This project explores why children from historically disadvantaged groups in the country experience higher rates of dropout (and less potential for social mobility) and attempt to uncover the decision-making processes and factors affecting these rates. Though education has been cited by many scholars as the primary source of equalization in a capitalist society, the Peruvian case underlines the imperative of discussing how —power and inequality mediate people's access to educational freedoms—(Jeffrey et. al., 2008: 31). Social and economic inequality remain primary development challenges for Peru, and education has been promoted nationally as a means for their betterment. This project explores the factors underlying indigenous children's inability to access this supposed source of mobility.
In order to truly understand these factors, a holistic and multi-disciplinary approach is necessary. Drawing on a theoretical framework comprised of social anthropology, educational sociology, and capabilities approaches, this project will address primarily the following research questions:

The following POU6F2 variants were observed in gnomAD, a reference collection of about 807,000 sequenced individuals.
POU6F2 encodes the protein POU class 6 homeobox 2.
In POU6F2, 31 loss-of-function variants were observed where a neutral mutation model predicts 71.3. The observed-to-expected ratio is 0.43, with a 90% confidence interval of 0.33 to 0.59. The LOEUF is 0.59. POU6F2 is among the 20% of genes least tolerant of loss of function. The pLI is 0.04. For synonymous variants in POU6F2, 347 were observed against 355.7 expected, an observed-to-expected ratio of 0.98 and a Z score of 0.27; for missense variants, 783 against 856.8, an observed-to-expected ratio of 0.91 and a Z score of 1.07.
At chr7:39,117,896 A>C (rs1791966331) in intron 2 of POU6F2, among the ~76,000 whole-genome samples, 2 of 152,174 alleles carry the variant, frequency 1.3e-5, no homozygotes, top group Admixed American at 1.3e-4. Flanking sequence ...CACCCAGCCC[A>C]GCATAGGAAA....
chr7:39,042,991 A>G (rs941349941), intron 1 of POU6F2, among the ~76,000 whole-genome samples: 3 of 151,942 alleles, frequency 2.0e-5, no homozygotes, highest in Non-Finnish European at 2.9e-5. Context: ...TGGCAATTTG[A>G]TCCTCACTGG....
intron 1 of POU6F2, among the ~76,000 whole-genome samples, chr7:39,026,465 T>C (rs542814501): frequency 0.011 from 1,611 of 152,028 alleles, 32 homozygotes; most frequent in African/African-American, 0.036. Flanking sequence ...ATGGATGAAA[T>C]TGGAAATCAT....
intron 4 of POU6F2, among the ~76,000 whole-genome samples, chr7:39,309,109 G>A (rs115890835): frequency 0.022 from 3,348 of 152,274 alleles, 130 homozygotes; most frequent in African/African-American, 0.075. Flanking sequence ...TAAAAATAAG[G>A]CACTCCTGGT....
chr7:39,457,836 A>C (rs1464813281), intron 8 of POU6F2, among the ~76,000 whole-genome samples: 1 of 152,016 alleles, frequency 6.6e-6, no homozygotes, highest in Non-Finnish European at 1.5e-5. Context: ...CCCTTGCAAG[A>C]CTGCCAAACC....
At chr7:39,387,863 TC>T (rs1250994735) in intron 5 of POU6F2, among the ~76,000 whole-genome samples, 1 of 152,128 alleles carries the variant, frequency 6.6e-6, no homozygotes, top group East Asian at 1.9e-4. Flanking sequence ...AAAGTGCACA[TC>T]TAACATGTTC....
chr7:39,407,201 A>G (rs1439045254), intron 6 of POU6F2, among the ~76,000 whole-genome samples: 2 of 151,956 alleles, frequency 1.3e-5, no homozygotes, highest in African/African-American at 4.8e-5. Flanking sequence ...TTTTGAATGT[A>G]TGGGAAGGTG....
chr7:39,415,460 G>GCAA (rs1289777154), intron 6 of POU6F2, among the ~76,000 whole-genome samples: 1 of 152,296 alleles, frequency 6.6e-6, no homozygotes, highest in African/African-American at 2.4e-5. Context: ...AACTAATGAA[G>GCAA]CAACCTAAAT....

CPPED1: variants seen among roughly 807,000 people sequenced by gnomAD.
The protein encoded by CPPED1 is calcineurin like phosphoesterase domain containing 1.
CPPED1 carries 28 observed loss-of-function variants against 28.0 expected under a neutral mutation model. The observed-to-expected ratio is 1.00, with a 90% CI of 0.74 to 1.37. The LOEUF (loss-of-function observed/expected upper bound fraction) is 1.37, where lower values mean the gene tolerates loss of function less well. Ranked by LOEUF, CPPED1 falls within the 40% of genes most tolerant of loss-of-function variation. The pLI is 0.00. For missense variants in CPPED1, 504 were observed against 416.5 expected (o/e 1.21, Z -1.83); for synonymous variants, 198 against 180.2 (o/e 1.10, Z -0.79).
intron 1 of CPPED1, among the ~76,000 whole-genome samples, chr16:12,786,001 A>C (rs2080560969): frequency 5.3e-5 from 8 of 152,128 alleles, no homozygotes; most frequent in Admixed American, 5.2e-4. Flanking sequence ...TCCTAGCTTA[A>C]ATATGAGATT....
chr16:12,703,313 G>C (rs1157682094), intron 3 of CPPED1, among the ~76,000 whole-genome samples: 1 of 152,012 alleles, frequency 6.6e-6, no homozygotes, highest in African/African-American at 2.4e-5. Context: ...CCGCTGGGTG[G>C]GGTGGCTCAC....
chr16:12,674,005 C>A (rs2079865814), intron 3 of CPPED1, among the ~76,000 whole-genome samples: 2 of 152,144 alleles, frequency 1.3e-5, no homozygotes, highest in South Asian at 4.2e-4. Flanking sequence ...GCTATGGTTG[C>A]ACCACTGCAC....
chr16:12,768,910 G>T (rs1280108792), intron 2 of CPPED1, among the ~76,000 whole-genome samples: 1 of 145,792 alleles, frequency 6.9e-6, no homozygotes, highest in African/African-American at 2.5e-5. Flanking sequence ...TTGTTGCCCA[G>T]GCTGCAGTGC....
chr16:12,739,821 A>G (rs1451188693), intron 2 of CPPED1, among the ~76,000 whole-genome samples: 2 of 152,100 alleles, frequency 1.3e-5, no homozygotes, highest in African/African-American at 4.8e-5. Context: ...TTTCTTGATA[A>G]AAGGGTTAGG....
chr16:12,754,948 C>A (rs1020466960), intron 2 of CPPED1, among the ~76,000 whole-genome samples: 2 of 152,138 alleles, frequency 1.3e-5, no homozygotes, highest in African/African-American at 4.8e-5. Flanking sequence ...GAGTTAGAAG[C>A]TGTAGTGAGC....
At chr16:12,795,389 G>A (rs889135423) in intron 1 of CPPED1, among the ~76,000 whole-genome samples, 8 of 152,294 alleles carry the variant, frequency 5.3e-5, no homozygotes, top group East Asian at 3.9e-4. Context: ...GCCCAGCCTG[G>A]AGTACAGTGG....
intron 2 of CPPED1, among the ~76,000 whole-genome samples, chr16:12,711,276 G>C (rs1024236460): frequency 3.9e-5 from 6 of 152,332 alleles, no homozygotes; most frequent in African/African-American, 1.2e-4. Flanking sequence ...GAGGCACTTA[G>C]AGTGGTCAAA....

- Why do children drop out of secondary school at particularly high rates in rural communities of Peru?
- How do children and their household members (parents, caregivers, siblings) negotiate decisions around dropping out of/staying in secondary school; how does hope for and consideration of children's social and economic future factor in to these decisions?
- What are the main personal factors and social characteristics that threaten or support children?s completion of secondary school (e.g. socio-economic status, ethnicity/native language, gender, parental education, birth order, and working status)?
- What are the main environmental factors that threaten or support children?s completion of secondary school (e.g. quality of the education system, teacher and administrator attitudes, etc.)?